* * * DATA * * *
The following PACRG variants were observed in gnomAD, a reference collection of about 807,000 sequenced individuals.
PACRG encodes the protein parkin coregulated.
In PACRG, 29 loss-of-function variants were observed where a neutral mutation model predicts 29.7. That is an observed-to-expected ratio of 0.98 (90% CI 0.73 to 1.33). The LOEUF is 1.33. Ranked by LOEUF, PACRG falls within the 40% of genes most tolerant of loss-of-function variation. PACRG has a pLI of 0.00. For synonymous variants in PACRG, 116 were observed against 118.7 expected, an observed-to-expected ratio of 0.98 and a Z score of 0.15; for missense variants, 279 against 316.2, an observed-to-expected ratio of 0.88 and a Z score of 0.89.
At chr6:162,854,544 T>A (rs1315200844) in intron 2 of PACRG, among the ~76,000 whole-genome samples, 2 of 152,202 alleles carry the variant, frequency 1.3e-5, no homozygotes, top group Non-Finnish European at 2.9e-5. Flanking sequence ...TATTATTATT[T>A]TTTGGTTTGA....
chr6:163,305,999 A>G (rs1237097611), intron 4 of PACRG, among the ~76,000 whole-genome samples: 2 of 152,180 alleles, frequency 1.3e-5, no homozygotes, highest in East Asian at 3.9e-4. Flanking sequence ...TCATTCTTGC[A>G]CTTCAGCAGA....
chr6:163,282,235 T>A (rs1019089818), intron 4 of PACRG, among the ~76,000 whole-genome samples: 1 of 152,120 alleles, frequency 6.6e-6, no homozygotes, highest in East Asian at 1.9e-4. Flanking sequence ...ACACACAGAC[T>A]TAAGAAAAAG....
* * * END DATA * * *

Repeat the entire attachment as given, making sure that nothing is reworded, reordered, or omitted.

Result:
The following PACRG variants were observed in gnomAD, a reference collection of about 807,000 sequenced individuals.
PACRG encodes the protein parkin coregulated.
In PACRG, 29 loss-of-function variants were observed where a neutral mutation model predicts 29.7. That is an observed-to-expected ratio of 0.98 (90% CI 0.73 to 1.33). The LOEUF is 1.33. Ranked by LOEUF, PACRG falls within the 40% of genes most tolerant of loss-of-function variation. PACRG has a pLI of 0.00. For synonymous variants in PACRG, 116 were observed against 118.7 expected, an observed-to-expected ratio of 0.98 and a Z score of 0.15; for missense variants, 279 against 316.2, an observed-to-expected ratio of 0.88 and a Z score of 0.89.
At chr6:162,854,544 T>A (rs1315200844) in intron 2 of PACRG, among the ~76,000 whole-genome samples, 2 of 152,202 alleles carry the variant, frequency 1.3e-5, no homozygotes, top group Non-Finnish European at 2.9e-5. Flanking sequence ...TATTATTATT[T>A]TTTGGTTTGA....
chr6:163,305,999 A>G (rs1237097611), intron 4 of PACRG, among the ~76,000 whole-genome samples: 2 of 152,180 alleles, frequency 1.3e-5, no homozygotes, highest in East Asian at 3.9e-4. Flanking sequence ...TCATTCTTGC[A>G]CTTCAGCAGA....
chr6:163,282,235 T>A (rs1019089818), intron 4 of PACRG, among the ~76,000 whole-genome samples: 1 of 152,120 alleles, frequency 6.6e-6, no homozygotes, highest in East Asian at 1.9e-4. Flanking sequence ...ACACACAGAC[T>A]TAAGAAAAAG....